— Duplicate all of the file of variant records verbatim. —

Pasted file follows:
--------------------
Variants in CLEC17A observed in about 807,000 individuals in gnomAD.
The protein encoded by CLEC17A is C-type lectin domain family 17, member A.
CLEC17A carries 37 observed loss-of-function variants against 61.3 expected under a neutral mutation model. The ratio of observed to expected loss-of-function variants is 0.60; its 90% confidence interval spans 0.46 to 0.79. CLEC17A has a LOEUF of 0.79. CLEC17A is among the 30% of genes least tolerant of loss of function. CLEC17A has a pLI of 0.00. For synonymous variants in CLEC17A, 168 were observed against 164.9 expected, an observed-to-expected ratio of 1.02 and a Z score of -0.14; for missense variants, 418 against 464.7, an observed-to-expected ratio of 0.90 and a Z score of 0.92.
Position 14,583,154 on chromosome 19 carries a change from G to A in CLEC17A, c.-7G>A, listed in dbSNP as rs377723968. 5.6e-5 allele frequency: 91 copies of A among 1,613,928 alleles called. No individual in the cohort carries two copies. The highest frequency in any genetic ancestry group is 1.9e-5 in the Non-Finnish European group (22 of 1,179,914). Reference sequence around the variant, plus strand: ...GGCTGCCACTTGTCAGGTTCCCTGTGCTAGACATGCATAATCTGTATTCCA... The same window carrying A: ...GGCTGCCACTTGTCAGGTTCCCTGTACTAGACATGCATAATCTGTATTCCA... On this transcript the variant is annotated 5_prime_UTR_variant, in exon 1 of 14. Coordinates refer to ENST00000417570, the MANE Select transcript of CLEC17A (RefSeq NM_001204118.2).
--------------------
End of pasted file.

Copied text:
Variants in CLEC17A observed in about 807,000 individuals in gnomAD.
The protein encoded by CLEC17A is C-type lectin domain family 17, member A.
CLEC17A carries 37 observed loss-of-function variants against 61.3 expected under a neutral mutation model. The ratio of observed to expected loss-of-function variants is 0.60; its 90% confidence interval spans 0.46 to 0.79. CLEC17A has a LOEUF of 0.79. CLEC17A is among the 30% of genes least tolerant of loss of function. CLEC17A has a pLI of 0.00. For synonymous variants in CLEC17A, 168 were observed against 164.9 expected, an observed-to-expected ratio of 1.02 and a Z score of -0.14; for missense variants, 418 against 464.7, an observed-to-expected ratio of 0.90 and a Z score of 0.92.
Position 14,583,154 on chromosome 19 carries a change from G to A in CLEC17A, c.-7G>A, listed in dbSNP as rs377723968. 5.6e-5 allele frequency: 91 copies of A among 1,613,928 alleles called. No individual in the cohort carries two copies. The highest frequency in any genetic ancestry group is 1.9e-5 in the Non-Finnish European group (22 of 1,179,914). Reference sequence around the variant, plus strand: ...GGCTGCCACTTGTCAGGTTCCCTGTGCTAGACATGCATAATCTGTATTCCA... The same window carrying A: ...GGCTGCCACTTGTCAGGTTCCCTGTACTAGACATGCATAATCTGTATTCCA... On this transcript the variant is annotated 5_prime_UTR_variant, in exon 1 of 14. Coordinates refer to ENST00000417570, the MANE Select transcript of CLEC17A (RefSeq NM_001204118.2).